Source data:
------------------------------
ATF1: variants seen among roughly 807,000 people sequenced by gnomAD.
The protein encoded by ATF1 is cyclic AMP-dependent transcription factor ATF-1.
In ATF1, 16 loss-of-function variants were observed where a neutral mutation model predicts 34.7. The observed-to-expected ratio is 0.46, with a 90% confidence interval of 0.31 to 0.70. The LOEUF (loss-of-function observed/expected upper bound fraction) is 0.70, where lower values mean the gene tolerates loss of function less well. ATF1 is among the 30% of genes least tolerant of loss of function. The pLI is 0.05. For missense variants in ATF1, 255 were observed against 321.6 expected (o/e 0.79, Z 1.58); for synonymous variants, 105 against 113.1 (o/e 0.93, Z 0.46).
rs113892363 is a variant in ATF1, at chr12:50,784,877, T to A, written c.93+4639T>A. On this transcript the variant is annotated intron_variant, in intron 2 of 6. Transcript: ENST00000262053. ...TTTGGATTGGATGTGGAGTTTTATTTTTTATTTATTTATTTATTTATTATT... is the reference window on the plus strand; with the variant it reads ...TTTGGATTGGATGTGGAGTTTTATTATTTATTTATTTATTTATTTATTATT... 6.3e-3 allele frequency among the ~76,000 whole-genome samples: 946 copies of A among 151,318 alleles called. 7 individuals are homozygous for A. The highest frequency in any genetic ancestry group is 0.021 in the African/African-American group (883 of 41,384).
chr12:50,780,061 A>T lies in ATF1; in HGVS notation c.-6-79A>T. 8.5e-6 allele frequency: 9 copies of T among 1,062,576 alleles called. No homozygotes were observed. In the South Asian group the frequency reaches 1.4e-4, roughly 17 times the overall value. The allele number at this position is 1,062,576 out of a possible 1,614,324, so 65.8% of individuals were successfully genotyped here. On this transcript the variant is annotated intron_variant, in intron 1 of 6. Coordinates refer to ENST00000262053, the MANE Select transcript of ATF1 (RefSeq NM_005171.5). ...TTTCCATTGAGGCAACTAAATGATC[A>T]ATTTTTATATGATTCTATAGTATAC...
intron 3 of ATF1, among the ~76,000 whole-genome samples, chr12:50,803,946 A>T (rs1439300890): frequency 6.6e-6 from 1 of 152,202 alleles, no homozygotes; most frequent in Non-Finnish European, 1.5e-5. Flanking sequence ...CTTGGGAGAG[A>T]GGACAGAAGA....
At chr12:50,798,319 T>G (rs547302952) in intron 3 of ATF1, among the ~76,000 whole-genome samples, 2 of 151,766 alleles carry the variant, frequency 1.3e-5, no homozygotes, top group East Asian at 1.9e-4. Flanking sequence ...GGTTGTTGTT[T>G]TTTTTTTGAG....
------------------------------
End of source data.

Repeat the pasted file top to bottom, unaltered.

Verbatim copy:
ATF1: variants seen among roughly 807,000 people sequenced by gnomAD.
The protein encoded by ATF1 is cyclic AMP-dependent transcription factor ATF-1.
In ATF1, 16 loss-of-function variants were observed where a neutral mutation model predicts 34.7. The observed-to-expected ratio is 0.46, with a 90% confidence interval of 0.31 to 0.70. The LOEUF (loss-of-function observed/expected upper bound fraction) is 0.70, where lower values mean the gene tolerates loss of function less well. ATF1 is among the 30% of genes least tolerant of loss of function. The pLI is 0.05. For missense variants in ATF1, 255 were observed against 321.6 expected (o/e 0.79, Z 1.58); for synonymous variants, 105 against 113.1 (o/e 0.93, Z 0.46).
rs113892363 is a variant in ATF1, at chr12:50,784,877, T to A, written c.93+4639T>A. On this transcript the variant is annotated intron_variant, in intron 2 of 6. Transcript: ENST00000262053. ...TTTGGATTGGATGTGGAGTTTTATTTTTTATTTATTTATTTATTTATTATT... is the reference window on the plus strand; with the variant it reads ...TTTGGATTGGATGTGGAGTTTTATTATTTATTTATTTATTTATTTATTATT... 6.3e-3 allele frequency among the ~76,000 whole-genome samples: 946 copies of A among 151,318 alleles called. 7 individuals are homozygous for A. The highest frequency in any genetic ancestry group is 0.021 in the African/African-American group (883 of 41,384).
chr12:50,780,061 A>T lies in ATF1; in HGVS notation c.-6-79A>T. 8.5e-6 allele frequency: 9 copies of T among 1,062,576 alleles called. No homozygotes were observed. In the South Asian group the frequency reaches 1.4e-4, roughly 17 times the overall value. The allele number at this position is 1,062,576 out of a possible 1,614,324, so 65.8% of individuals were successfully genotyped here. On this transcript the variant is annotated intron_variant, in intron 1 of 6. Coordinates refer to ENST00000262053, the MANE Select transcript of ATF1 (RefSeq NM_005171.5). ...TTTCCATTGAGGCAACTAAATGATC[A>T]ATTTTTATATGATTCTATAGTATAC...
intron 3 of ATF1, among the ~76,000 whole-genome samples, chr12:50,803,946 A>T (rs1439300890): frequency 6.6e-6 from 1 of 152,202 alleles, no homozygotes; most frequent in Non-Finnish European, 1.5e-5. Flanking sequence ...CTTGGGAGAG[A>T]GGACAGAAGA....
At chr12:50,798,319 T>G (rs547302952) in intron 3 of ATF1, among the ~76,000 whole-genome samples, 2 of 151,766 alleles carry the variant, frequency 1.3e-5, no homozygotes, top group East Asian at 1.9e-4. Flanking sequence ...GGTTGTTGTT[T>G]TTTTTTTGAG....